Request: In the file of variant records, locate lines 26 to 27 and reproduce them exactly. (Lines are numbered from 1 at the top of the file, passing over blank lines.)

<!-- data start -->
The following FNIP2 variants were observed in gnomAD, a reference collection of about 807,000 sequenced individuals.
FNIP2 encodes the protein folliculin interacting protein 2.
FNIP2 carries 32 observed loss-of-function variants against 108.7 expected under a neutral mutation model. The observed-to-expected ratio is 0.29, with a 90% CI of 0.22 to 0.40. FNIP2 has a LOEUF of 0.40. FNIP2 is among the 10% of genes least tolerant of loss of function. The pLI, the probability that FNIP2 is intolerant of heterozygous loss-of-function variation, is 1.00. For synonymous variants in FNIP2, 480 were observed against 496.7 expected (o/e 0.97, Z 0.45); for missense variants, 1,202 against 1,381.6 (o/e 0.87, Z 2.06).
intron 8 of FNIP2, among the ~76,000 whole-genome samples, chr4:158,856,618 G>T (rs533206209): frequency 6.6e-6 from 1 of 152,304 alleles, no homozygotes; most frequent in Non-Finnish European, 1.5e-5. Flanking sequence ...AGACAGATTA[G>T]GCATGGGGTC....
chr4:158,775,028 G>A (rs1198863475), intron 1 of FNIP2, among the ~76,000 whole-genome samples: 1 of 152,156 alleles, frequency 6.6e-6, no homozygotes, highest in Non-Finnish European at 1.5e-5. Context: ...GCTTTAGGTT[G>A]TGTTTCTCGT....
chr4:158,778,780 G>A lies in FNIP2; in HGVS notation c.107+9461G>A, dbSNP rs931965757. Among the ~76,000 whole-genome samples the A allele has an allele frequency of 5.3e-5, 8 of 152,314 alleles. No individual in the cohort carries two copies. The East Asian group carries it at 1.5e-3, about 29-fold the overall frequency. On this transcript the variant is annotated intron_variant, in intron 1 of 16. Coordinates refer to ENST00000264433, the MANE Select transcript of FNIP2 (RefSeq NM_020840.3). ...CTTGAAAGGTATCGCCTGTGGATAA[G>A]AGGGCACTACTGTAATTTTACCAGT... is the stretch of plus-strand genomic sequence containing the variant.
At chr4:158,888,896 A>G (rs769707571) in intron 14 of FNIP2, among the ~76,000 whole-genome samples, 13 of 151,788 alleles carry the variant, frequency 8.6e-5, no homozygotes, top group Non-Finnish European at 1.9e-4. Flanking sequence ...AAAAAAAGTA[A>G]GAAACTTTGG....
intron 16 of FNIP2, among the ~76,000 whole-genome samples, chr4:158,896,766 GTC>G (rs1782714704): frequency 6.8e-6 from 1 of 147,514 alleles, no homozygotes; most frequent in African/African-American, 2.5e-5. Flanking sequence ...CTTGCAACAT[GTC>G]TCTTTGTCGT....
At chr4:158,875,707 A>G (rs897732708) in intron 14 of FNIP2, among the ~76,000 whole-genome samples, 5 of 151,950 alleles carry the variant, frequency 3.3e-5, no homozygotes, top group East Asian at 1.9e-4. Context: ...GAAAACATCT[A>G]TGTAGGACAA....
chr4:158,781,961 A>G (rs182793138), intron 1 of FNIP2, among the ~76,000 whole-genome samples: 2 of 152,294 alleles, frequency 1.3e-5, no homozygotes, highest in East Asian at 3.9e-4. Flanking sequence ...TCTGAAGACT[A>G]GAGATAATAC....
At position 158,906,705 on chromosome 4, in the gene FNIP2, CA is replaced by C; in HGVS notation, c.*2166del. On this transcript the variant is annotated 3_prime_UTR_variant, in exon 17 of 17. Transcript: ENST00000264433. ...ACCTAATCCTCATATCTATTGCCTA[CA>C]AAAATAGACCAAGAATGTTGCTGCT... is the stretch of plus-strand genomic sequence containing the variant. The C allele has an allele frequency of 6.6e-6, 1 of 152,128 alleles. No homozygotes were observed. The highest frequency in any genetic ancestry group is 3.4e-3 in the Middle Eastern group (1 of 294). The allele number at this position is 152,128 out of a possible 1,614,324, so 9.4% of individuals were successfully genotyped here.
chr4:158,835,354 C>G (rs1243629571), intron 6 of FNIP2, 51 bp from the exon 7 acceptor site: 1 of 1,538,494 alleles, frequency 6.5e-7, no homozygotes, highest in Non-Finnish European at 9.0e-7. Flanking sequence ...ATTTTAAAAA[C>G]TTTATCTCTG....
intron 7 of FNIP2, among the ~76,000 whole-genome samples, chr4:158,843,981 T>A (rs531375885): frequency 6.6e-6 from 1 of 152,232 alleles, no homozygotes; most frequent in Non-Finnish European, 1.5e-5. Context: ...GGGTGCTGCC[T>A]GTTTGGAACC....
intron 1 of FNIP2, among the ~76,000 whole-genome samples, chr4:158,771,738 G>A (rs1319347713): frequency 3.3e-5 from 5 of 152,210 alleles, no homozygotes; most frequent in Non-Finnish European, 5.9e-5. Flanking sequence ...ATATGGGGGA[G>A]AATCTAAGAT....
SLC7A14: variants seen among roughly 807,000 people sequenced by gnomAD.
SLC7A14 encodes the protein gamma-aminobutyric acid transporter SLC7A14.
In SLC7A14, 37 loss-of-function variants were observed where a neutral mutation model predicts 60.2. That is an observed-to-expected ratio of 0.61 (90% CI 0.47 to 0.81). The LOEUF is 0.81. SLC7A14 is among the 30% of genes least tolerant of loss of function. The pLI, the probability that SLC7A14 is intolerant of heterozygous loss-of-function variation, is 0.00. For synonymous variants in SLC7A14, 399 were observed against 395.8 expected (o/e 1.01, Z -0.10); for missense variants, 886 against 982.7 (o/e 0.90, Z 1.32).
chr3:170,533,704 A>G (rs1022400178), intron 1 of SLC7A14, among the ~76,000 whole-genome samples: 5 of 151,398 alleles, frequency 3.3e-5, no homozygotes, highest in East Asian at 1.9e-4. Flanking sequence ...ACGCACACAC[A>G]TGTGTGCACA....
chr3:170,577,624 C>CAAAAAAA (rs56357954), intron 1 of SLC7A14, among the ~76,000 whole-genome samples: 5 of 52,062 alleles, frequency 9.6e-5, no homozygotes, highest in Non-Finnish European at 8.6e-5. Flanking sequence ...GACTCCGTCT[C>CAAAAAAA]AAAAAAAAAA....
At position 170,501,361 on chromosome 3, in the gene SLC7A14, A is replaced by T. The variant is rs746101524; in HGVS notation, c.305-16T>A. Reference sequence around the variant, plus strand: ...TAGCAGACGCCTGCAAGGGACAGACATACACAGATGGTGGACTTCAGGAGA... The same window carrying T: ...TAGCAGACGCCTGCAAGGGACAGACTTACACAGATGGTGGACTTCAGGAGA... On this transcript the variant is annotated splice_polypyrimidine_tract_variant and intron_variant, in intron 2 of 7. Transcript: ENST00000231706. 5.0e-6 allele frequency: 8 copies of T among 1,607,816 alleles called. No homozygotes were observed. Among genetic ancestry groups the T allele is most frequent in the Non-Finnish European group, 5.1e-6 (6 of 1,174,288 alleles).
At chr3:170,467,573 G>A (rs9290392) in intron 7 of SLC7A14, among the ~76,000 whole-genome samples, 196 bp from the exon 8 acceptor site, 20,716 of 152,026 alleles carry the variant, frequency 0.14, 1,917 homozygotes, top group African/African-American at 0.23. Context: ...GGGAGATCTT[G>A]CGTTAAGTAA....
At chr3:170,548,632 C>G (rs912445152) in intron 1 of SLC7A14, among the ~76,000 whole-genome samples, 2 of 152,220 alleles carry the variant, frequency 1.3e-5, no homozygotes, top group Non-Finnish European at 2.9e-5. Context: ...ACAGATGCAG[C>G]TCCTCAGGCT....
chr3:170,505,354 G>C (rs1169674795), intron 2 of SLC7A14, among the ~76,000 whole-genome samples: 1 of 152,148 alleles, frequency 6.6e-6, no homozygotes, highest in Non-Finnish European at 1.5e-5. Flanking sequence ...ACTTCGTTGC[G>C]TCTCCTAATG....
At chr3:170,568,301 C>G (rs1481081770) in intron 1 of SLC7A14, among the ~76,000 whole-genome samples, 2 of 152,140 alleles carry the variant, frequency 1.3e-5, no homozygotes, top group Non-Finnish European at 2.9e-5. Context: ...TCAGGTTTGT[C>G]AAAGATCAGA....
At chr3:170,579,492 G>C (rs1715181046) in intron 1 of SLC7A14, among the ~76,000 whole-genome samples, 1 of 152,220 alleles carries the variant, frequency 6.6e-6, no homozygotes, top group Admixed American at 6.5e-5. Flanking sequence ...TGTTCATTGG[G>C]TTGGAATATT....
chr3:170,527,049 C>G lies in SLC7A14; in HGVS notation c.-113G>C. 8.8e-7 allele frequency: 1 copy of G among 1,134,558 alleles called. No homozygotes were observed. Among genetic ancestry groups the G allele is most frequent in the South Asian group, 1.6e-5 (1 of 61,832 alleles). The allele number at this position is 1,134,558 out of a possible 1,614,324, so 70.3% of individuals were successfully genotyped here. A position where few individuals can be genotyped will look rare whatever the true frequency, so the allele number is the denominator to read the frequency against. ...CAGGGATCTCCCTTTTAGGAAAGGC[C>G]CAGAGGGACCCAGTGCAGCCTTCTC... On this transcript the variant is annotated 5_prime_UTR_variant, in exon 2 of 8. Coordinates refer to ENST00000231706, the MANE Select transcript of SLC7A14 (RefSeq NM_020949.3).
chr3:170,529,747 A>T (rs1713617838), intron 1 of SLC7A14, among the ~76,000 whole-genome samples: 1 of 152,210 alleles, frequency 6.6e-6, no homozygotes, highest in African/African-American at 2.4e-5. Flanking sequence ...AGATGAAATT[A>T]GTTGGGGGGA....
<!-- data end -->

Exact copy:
chr3:170,527,049 C>G lies in SLC7A14; in HGVS notation c.-113G>C. 8.8e-7 allele frequency: 1 copy of G among 1,134,558 alleles called. No homozygotes were observed. Among genetic ancestry groups the G allele is most frequent in the South Asian group, 1.6e-5 (1 of 61,832 alleles). The allele number at this position is 1,134,558 out of a possible 1,614,324, so 70.3% of individuals were successfully genotyped here. A position where few individuals can be genotyped will look rare whatever the true frequency, so the allele number is the denominator to read the frequency against. ...CAGGGATCTCCCTTTTAGGAAAGGC[C>G]CAGAGGGACCCAGTGCAGCCTTCTC... On this transcript the variant is annotated 5_prime_UTR_variant, in exon 2 of 8. Coordinates refer to ENST00000231706, the MANE Select transcript of SLC7A14 (RefSeq NM_020949.3).
chr3:170,529,747 A>T (rs1713617838), intron 1 of SLC7A14, among the ~76,000 whole-genome samples: 1 of 152,210 alleles, frequency 6.6e-6, no homozygotes, highest in African/African-American at 2.4e-5. Flanking sequence ...AGATGAAATT[A>T]GTTGGGGGGA....